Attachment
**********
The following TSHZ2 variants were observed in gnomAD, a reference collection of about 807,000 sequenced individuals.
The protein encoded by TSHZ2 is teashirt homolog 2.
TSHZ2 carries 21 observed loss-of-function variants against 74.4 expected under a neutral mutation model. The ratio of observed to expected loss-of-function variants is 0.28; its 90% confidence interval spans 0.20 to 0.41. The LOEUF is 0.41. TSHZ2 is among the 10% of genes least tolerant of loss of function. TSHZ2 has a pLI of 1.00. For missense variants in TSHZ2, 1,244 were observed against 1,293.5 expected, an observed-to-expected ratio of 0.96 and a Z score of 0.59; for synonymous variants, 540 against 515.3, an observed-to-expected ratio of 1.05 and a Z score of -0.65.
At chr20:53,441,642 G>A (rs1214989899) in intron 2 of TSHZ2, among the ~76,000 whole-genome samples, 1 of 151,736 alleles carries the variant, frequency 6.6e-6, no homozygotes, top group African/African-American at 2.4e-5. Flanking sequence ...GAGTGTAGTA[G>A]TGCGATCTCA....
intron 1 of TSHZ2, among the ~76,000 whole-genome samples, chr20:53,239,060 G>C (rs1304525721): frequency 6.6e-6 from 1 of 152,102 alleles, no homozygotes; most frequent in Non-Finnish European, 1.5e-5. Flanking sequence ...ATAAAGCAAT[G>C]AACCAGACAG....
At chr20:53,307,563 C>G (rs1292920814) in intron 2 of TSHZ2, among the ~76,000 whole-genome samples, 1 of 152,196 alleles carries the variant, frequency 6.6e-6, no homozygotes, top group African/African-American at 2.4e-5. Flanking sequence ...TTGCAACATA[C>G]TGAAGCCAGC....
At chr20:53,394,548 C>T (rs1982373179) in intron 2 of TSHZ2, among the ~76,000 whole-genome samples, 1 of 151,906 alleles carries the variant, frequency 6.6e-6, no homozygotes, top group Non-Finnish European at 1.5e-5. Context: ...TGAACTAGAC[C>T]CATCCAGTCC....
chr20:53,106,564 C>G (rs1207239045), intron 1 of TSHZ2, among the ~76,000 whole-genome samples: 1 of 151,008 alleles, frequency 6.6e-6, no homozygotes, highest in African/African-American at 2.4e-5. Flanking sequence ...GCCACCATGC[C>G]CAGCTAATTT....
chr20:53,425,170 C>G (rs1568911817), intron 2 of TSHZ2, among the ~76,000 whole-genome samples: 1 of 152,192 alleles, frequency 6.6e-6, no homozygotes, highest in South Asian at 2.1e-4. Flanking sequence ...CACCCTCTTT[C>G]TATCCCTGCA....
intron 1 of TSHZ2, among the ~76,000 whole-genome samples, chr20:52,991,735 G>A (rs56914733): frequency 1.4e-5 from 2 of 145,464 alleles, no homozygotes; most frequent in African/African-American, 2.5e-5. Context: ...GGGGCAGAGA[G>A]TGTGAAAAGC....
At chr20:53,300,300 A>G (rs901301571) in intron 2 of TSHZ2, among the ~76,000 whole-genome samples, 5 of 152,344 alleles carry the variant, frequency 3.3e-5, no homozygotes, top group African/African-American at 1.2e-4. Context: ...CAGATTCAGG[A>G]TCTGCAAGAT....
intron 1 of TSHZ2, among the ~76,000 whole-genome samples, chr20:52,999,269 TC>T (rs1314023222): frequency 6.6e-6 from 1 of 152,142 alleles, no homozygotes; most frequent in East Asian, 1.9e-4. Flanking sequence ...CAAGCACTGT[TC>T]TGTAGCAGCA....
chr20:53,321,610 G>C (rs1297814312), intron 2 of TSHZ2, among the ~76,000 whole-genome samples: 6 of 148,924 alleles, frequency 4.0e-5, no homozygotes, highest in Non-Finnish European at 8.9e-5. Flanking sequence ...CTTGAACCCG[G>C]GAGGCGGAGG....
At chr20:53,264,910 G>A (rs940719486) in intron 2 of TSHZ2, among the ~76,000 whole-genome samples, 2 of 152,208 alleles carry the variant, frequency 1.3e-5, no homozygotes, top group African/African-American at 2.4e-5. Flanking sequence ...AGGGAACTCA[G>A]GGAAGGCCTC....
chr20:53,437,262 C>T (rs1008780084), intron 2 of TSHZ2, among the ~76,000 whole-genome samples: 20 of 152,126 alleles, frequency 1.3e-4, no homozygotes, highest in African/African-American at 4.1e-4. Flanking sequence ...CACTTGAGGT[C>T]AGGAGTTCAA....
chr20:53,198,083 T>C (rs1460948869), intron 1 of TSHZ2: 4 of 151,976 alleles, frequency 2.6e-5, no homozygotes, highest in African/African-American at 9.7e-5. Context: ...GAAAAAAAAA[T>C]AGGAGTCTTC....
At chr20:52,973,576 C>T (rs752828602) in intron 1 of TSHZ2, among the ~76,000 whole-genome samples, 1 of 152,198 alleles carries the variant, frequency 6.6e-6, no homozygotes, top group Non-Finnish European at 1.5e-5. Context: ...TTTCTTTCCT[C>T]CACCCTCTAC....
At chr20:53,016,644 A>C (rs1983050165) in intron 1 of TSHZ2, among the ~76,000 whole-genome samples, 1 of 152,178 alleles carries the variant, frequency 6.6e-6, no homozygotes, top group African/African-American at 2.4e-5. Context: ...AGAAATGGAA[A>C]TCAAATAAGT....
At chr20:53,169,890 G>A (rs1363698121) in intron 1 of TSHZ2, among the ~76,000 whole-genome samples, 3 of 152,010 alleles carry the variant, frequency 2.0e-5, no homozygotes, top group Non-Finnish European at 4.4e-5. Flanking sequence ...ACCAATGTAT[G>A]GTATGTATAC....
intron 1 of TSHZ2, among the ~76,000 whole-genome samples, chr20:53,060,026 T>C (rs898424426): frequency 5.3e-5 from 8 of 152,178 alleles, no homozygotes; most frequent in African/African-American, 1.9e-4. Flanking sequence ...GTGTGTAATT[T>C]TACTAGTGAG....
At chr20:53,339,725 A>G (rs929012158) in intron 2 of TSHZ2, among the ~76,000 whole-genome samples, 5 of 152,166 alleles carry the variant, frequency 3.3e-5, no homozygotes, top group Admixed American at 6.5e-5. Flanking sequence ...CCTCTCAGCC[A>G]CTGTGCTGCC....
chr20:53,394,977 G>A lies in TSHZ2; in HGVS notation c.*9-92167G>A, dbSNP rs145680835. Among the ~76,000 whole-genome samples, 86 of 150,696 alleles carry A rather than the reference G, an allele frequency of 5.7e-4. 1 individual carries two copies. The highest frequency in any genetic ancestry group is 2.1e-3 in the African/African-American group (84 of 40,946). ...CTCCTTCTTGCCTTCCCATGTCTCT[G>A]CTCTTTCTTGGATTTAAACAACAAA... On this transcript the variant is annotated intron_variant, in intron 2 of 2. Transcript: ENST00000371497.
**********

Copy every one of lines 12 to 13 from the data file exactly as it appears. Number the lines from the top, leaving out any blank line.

intron 1 of TSHZ2, among the ~76,000 whole-genome samples, chr20:52,999,269 TC>T (rs1314023222): frequency 6.6e-6 from 1 of 152,142 alleles, no homozygotes; most frequent in East Asian, 1.9e-4. Flanking sequence ...CAAGCACTGT[TC>T]TGTAGCAGCA....
chr20:53,321,610 G>C (rs1297814312), intron 2 of TSHZ2, among the ~76,000 whole-genome samples: 6 of 148,924 alleles, frequency 4.0e-5, no homozygotes, highest in Non-Finnish European at 8.9e-5. Flanking sequence ...CTTGAACCCG[G>C]GAGGCGGAGG....